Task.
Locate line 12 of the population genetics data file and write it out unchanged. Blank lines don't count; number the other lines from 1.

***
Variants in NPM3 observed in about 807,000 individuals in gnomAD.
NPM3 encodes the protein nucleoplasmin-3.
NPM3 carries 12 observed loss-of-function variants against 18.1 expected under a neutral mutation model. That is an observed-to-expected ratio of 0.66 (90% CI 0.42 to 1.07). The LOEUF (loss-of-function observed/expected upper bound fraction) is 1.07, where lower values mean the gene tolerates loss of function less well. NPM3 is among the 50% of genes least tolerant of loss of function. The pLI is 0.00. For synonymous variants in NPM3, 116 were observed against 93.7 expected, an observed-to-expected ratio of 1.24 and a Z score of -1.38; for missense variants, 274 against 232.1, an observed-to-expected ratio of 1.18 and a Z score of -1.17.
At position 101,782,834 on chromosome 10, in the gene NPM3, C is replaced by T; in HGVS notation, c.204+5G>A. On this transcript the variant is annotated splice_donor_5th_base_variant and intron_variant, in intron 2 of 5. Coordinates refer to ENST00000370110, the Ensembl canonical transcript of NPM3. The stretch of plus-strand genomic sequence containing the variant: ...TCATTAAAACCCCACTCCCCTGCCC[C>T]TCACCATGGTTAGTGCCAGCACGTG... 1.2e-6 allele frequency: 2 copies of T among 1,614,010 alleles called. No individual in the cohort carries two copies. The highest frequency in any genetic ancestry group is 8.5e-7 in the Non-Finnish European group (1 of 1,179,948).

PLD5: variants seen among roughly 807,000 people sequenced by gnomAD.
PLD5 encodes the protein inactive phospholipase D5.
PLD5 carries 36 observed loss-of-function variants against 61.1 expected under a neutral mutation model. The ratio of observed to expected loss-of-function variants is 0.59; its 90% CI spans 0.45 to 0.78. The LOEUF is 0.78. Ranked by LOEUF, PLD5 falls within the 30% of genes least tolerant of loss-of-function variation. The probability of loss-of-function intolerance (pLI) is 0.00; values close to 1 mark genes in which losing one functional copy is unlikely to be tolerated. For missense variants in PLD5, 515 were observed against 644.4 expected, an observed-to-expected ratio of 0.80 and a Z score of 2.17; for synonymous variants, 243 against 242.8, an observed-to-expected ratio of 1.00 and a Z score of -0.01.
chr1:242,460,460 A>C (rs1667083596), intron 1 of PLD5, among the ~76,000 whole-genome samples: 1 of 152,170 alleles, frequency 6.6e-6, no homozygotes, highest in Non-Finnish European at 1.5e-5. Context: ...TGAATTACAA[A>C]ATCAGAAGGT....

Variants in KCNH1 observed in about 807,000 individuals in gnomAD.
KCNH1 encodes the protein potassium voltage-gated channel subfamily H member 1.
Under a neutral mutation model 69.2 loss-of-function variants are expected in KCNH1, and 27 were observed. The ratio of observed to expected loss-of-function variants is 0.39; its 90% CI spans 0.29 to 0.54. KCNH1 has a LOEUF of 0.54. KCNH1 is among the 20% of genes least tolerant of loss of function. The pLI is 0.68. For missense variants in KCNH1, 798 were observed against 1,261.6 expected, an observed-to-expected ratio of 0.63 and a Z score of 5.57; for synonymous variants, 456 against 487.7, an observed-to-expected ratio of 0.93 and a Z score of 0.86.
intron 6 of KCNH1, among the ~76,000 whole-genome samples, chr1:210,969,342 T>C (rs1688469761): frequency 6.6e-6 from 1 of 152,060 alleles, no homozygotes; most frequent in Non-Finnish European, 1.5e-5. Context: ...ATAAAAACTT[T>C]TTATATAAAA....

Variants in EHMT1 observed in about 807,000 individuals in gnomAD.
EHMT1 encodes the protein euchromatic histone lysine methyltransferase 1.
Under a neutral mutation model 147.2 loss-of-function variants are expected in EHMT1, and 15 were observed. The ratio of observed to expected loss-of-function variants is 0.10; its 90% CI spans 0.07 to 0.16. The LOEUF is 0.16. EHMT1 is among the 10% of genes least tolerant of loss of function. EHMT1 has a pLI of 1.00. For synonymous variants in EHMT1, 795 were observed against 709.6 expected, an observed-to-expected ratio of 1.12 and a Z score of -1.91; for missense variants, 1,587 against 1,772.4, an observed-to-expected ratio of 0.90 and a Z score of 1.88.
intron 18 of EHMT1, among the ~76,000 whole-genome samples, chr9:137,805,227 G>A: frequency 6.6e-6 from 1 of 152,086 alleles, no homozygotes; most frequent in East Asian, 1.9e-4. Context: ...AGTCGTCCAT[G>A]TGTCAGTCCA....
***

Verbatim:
intron 6 of KCNH1, among the ~76,000 whole-genome samples, chr1:210,969,342 T>C (rs1688469761): frequency 6.6e-6 from 1 of 152,060 alleles, no homozygotes; most frequent in Non-Finnish European, 1.5e-5. Context: ...ATAAAAACTT[T>C]TTATATAAAA....